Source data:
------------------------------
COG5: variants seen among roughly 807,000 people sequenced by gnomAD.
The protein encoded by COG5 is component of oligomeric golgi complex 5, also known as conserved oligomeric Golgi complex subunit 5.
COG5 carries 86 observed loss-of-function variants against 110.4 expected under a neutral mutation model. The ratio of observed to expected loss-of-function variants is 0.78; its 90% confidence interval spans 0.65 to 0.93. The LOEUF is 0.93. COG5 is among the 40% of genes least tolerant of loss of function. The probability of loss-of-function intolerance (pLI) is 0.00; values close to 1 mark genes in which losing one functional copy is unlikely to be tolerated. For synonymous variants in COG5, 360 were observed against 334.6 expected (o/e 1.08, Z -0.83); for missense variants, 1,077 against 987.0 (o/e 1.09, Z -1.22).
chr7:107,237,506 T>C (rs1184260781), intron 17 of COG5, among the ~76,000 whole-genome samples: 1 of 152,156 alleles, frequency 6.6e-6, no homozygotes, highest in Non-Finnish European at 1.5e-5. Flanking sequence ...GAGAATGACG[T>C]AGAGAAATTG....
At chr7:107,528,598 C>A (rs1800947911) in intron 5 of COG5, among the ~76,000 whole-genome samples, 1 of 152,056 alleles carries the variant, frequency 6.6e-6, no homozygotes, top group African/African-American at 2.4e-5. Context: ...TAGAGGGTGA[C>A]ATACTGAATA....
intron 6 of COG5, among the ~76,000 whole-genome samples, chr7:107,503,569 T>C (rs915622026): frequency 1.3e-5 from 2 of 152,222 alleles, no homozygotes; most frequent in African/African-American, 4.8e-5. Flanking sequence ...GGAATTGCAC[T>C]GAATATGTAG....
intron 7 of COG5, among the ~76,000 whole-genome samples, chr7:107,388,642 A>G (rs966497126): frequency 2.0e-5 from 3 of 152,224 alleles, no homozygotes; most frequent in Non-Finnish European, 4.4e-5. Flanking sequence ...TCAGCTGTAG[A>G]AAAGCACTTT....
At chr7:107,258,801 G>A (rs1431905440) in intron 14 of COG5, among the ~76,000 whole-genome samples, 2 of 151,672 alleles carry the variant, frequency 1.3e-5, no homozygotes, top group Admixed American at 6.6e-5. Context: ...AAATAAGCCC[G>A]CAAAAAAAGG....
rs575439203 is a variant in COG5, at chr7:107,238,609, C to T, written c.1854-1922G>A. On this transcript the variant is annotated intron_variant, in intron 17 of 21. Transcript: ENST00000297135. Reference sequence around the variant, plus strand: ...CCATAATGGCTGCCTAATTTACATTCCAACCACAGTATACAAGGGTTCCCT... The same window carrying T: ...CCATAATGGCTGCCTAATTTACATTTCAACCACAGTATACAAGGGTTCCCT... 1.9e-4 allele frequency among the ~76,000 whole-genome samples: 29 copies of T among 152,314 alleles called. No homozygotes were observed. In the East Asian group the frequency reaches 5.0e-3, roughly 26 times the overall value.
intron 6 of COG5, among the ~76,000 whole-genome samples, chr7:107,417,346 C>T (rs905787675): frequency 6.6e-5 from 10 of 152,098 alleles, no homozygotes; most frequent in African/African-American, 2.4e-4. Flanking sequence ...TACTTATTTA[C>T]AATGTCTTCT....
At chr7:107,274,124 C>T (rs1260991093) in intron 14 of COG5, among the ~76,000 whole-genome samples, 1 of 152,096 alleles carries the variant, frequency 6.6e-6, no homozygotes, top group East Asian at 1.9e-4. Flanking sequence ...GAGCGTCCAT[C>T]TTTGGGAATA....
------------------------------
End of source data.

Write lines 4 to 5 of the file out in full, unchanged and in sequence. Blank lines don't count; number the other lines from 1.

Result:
chr7:107,237,506 T>C (rs1184260781), intron 17 of COG5, among the ~76,000 whole-genome samples: 1 of 152,156 alleles, frequency 6.6e-6, no homozygotes, highest in Non-Finnish European at 1.5e-5. Flanking sequence ...GAGAATGACG[T>C]AGAGAAATTG....
At chr7:107,528,598 C>A (rs1800947911) in intron 5 of COG5, among the ~76,000 whole-genome samples, 1 of 152,056 alleles carries the variant, frequency 6.6e-6, no homozygotes, top group African/African-American at 2.4e-5. Context: ...TAGAGGGTGA[C>A]ATACTGAATA....